By now, you have likely heard the news about actresses Lori Loughlin and Felicity Huffman. Loughlin (“Full House”) and Huffman (“Desperate Housewives”) were indicted Thursday for their alleged involvement in a college admissions scam. Among the charges, Loughlin and her husband Mossimo Giannuli claimed their daughter Olivia intended to row for the USC crew team, though she had never rowed competitively in her life.
While the outcome of that situation remains unclear, Gildshire suspects the wealth and influence of the principals will keep them out of jail. However, the case is shining a light on college admissions, and the picture being painted is an ugly one.
Here is what we always thought:
Young Miss or Mister works hard in high school, makes good grades and establishes a reputation for good works with extracurricular activities and projects. Entrance exam scores are good to really good. Voila, the college of her/his choice swing open, and Young Miss or Mister is on her/his way to a bright future.
Except the playing field is not as level as we thought. Put aside, for a moment, the very real discrepancies in schools, school districts and therefore, opportunity. There is also a semi-secret level of privilege for families who can afford to access it.
For a cool $10,000 your child can access the talents of a so-called, resume’ burnisher. This person writes letters of dubious honesty to highlight accomplishments your child may or may not have earned. The burnisher supplies the credentials that lend credibility to the claims. Surprisingly enough, this is not an illegal practice.
Does your child need more admissions help?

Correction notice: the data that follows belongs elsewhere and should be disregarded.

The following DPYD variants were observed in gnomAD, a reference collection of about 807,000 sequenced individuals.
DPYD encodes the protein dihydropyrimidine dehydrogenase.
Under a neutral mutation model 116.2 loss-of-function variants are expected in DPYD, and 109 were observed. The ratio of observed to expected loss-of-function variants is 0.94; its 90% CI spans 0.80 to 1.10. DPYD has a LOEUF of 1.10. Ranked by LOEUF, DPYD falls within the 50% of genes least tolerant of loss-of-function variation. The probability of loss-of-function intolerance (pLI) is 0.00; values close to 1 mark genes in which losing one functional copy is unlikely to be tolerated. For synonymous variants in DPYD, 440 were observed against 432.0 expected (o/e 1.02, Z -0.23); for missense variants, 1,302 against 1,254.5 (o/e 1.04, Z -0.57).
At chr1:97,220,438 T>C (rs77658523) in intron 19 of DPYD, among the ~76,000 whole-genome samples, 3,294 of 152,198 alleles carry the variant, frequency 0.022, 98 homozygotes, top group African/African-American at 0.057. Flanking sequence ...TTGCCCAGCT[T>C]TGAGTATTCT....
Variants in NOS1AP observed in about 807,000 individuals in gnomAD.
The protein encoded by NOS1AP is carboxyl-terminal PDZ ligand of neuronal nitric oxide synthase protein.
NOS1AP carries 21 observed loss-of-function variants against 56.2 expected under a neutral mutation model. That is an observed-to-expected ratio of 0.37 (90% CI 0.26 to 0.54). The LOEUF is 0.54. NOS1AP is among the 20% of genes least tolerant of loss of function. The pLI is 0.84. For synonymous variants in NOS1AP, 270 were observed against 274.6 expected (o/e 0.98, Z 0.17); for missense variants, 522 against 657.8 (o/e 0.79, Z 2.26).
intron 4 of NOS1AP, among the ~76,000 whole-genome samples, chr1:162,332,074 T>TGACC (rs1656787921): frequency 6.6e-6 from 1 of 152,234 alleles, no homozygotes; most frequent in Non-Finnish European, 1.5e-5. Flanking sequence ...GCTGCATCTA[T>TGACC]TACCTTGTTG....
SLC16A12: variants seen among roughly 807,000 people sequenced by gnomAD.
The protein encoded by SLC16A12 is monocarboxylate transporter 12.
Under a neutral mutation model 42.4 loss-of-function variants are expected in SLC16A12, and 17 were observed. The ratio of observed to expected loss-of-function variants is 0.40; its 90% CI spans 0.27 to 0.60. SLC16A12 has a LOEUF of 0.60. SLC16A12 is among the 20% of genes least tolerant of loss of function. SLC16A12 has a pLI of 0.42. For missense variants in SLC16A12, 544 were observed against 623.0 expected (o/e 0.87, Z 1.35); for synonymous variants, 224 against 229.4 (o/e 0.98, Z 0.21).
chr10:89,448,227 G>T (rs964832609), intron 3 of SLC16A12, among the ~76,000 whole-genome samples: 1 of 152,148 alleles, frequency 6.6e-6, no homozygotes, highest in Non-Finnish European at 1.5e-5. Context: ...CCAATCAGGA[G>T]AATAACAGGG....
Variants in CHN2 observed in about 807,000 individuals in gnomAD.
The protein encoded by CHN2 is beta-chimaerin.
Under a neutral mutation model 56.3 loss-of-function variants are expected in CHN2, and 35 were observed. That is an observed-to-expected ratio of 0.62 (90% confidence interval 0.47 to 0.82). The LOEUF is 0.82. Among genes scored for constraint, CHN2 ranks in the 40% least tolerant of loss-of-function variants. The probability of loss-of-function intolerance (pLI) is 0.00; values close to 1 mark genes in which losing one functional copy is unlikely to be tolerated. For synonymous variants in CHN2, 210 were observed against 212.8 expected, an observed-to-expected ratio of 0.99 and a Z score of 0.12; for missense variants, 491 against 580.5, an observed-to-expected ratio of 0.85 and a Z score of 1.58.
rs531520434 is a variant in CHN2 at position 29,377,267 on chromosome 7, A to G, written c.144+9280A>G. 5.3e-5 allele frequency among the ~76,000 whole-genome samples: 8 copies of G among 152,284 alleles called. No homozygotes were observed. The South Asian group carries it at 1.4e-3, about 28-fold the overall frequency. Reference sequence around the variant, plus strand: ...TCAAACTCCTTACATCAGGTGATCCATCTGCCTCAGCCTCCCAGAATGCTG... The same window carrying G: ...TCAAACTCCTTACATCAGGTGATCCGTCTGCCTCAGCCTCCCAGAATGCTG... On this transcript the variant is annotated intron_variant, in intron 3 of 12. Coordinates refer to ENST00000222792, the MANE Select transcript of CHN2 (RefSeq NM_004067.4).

Well, for only $40,000 a recent Ivy League graduate will write the entrance essay. Yes, that all-important treatise on hopes and dreams can be purchased without Junior contributing one word to the finished product.
Still not enough?
How about some cold, hard cash, placed in the hands that do Junior the most good? Since Stanford University is in the recent news, let’s look at what we have been told about those hallowed halls. Two knowledgable sources connected to Stanford Admissions say the preferential treatment threshold is a half million dollars, with a tacit understanding that more will come later. The “later” is presumably Junior’s graduation day or soon after.
Maybe your goal for Junior is short of world domination or a seat in the U.S. Senate. A good college for your child to attend for 4+ years. Ivy not required. In that case, a $20,000 “donation” is enough to draw a liberal arts college’s attention to the educational needs of Junior. It will probably take a little more cash in the envelope to get your child into a private school.
By any rational measure, is this fair?
No, but are “legacy” admissions fair? The idea that Dad went to a certain school, so Junior is automatically in flies in the face of our sense of fairness. It’s a barrier to first-generation residents starting up the first rung of the American Dream ladder.
(Full disclosure: The author received half off college tuition as a legacy at Northwest Christian University, but his acceptance was not guaranteed through the legacy program.)
There is a saying that sunlight is the best disinfectant. Will the publicity that the Loughlin/Huffman case is getting shine a light on the darker corners of the college admissions’ process? Perhaps it will, and the playing field will become more level. Will it ever become completely level? Probably not, but each step toward the good makes for a better world. Count on Gildshire’s diligence to stay on this story.